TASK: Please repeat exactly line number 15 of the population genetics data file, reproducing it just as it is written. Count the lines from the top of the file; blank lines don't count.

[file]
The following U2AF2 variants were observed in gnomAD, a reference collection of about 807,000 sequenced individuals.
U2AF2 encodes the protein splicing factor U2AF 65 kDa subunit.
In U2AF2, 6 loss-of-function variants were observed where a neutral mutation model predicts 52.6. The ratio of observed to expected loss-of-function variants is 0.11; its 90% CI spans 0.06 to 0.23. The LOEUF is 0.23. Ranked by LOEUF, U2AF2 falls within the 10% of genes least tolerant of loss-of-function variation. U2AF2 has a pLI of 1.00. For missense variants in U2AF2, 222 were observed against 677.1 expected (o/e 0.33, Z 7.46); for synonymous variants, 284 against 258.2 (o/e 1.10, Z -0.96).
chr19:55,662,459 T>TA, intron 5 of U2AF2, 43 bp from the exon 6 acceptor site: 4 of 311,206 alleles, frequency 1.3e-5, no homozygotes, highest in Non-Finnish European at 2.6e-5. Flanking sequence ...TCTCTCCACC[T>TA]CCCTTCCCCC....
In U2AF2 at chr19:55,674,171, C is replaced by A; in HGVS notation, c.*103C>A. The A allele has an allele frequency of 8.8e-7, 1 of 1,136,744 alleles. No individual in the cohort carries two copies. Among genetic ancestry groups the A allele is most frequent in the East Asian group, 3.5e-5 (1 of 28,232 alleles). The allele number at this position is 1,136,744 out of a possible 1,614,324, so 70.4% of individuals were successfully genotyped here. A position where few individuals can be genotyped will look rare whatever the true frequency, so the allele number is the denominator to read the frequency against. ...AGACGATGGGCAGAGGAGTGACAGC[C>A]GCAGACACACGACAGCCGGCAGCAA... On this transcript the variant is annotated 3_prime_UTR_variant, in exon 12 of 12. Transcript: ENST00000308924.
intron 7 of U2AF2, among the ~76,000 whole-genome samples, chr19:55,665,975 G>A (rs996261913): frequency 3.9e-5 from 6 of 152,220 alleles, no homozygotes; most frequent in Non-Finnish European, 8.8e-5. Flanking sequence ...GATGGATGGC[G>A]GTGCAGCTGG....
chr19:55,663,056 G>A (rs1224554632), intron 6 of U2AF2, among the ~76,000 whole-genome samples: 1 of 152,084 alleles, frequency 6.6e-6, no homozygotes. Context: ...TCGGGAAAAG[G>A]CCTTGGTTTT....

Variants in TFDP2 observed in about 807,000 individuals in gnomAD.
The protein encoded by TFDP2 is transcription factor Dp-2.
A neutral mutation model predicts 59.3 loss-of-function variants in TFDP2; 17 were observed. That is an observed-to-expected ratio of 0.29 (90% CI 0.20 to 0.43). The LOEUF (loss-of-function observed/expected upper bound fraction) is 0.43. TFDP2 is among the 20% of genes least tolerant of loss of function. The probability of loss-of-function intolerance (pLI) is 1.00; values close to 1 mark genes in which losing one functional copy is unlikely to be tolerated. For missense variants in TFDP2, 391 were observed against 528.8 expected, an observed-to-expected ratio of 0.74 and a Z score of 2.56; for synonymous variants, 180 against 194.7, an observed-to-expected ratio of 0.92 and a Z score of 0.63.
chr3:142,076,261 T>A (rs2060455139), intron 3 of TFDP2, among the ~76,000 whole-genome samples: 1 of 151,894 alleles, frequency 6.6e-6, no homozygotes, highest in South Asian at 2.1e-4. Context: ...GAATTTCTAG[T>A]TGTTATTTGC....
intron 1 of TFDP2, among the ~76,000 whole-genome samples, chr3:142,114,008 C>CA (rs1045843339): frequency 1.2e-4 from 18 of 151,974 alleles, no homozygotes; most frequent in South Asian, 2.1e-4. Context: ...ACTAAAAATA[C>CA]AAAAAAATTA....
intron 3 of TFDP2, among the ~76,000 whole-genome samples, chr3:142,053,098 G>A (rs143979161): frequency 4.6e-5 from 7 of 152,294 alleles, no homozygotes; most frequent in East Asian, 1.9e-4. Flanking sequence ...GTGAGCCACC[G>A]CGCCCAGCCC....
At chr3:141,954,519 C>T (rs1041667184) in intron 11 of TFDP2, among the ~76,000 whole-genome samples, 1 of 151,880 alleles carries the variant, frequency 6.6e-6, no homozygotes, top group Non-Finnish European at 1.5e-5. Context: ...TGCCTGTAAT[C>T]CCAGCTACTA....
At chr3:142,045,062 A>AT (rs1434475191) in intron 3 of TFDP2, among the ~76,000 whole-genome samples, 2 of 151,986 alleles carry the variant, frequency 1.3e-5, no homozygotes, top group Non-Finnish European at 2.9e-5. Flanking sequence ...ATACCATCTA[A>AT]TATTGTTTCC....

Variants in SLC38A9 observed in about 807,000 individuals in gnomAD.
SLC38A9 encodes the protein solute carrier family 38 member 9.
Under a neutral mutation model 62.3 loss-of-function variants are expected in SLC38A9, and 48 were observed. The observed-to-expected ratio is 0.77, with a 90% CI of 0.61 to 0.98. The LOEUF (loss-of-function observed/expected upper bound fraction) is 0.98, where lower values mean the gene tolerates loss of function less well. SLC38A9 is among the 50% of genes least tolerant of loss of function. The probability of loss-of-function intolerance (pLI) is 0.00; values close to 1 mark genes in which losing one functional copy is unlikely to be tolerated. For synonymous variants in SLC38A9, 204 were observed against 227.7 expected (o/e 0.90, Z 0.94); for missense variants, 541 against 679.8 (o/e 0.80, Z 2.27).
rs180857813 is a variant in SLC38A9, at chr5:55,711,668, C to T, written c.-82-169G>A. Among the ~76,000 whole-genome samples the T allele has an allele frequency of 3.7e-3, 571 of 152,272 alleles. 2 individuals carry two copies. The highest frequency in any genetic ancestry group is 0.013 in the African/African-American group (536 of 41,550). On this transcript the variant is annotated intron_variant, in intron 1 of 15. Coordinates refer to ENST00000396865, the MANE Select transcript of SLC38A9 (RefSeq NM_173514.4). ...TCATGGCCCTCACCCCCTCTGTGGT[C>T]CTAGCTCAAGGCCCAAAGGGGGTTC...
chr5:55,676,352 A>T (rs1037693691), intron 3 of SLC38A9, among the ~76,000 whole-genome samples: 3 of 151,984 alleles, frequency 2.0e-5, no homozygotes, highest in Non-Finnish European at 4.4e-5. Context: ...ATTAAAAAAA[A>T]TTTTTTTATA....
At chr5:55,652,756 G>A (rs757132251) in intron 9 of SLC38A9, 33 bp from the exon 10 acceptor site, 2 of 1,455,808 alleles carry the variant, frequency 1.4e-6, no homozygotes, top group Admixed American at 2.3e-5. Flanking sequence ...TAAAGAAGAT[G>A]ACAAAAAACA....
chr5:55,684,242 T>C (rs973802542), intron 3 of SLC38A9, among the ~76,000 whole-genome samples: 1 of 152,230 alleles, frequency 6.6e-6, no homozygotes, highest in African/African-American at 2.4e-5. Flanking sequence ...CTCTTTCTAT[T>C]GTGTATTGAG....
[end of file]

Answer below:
At chr3:142,045,062 A>AT (rs1434475191) in intron 3 of TFDP2, among the ~76,000 whole-genome samples, 2 of 151,986 alleles carry the variant, frequency 1.3e-5, no homozygotes, top group Non-Finnish European at 2.9e-5. Flanking sequence ...ATACCATCTA[A>AT]TATTGTTTCC....